Thursday, June 9, 2016

A Workers' Compensation Attorney Considers the Past and the Future

The workers' compensation attorney of today faces an ever-changing legal landscape that can impact whether or not the client will succeed. Rather than filing suits, actions for work-related injuries take the form of petitions that are present to administrative tribunals. These quasi-judicial forums have different practice rules than a traditional court and are governed by state statutory schemes.

While being injured at work may seem like a straightforward situation, there are many variables that a lawyer may have to deal with in the presentation of his/her client's case. Medical histories, the factual circumstances of the incident, and the prognosis for recovery all must be measured against the particular statutory scheme that determines whether an injury qualifies for an award by the tribunal.

Factual Circumstances

The first step that a workers' compensation attorney must take is to investigate the material facts surrounding the injury. The key element here is to establish that the injury was, in fact, work-related. While this may appear to be an obvious conclusion, there are a number of variables that can, and do, impact a finding as to whether the injuries were related to work.

Location is an important factor in developing a petitioner's case. If the injury occurred on premises that were under the control of the employer, a strong argument can be presented that the incident was work-related. The time of the occurrence can also factor into the determination. An employee who was not on the premises during scheduled work hours, for example, may have to supply justification as to why they were present on site when the injury occurred.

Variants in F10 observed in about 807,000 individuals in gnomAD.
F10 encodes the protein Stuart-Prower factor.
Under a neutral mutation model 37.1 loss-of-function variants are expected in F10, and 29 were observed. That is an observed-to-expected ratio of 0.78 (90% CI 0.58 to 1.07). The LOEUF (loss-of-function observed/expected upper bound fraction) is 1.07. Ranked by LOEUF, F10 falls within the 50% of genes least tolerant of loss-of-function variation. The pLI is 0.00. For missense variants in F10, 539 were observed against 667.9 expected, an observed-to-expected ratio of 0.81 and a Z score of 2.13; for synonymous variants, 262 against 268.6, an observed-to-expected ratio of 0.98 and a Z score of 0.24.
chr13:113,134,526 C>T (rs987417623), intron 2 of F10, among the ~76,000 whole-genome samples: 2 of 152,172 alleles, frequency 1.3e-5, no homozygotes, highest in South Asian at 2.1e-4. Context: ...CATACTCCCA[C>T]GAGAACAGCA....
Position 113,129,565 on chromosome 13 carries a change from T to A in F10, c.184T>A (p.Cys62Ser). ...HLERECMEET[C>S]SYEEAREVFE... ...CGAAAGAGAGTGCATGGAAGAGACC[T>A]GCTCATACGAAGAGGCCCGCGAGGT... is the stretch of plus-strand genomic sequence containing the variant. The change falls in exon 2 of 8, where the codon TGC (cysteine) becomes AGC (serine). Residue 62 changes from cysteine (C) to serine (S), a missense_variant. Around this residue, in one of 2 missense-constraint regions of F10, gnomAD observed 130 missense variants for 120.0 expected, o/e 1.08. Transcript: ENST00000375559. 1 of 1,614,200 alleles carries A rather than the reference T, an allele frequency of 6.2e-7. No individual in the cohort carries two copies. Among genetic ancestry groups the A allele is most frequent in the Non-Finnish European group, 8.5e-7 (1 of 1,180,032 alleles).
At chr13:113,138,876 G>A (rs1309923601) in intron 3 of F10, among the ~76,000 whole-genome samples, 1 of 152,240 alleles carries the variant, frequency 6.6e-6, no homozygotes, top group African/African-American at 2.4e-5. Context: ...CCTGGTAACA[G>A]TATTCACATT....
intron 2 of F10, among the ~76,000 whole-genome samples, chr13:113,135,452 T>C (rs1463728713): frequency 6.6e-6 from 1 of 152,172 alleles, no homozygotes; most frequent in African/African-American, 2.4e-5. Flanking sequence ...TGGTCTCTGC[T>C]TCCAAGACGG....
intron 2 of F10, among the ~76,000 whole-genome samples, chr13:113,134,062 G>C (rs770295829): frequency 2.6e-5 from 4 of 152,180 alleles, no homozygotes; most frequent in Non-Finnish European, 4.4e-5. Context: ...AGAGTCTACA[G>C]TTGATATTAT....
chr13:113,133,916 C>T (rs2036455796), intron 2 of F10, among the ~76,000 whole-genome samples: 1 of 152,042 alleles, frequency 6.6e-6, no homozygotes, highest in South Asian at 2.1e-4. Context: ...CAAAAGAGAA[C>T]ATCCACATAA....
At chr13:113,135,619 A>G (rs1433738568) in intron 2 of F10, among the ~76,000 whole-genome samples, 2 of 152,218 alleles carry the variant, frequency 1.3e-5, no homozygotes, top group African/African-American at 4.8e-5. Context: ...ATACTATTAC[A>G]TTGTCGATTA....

While injuries that occur while going to or coming from work are not generally covered, certain circumstances may still fall under the heading of "work-related." The best example is that of an employee who parks their car in a designated spot and is injured while walking to the work site.

Horseplay, intentional or criminal acts, intoxication (or drug usage), as well as other kinds of activity that deviate from the employee's job description could all be reasons that a claim for benefits may be denied. Ultimately, it is the employer who must establish that the injury occurred outside the scope of employment in order to bar recovery.

The Medical Aspect

Establishing the existence of an injury requires the workers' compensation attorney to obtain medical opinions as to the causation, and duration of the injury. This kind of expert testimony will also have to answer questions whether the injury is a new medical situation, aggravation of a prior condition, or the reccurrence of an existing injury that had reached a physical plateau.

Making these kinds of determinations can shift the ultimate responsibility to a prior employer and insurance carrier from the current employer. In the case of disability being permanent, the lawyer may then seek a lump sum settlement in the form of a commutation of future benefits. Some jurisdictions also refer to this as a redemption proceeding. In this case, the injured party agrees to a settlement amount rather than receive weekly checks from the employer's insurance carrier.

The task of the modern workers' compensation attorney is to develop a successful presentation of the client's case that encompasses the past history, the present situation, and future needs. As the case law involving injured workers continues to evolve, the approaches of a litigator specializing in this field must continue to expand as well.

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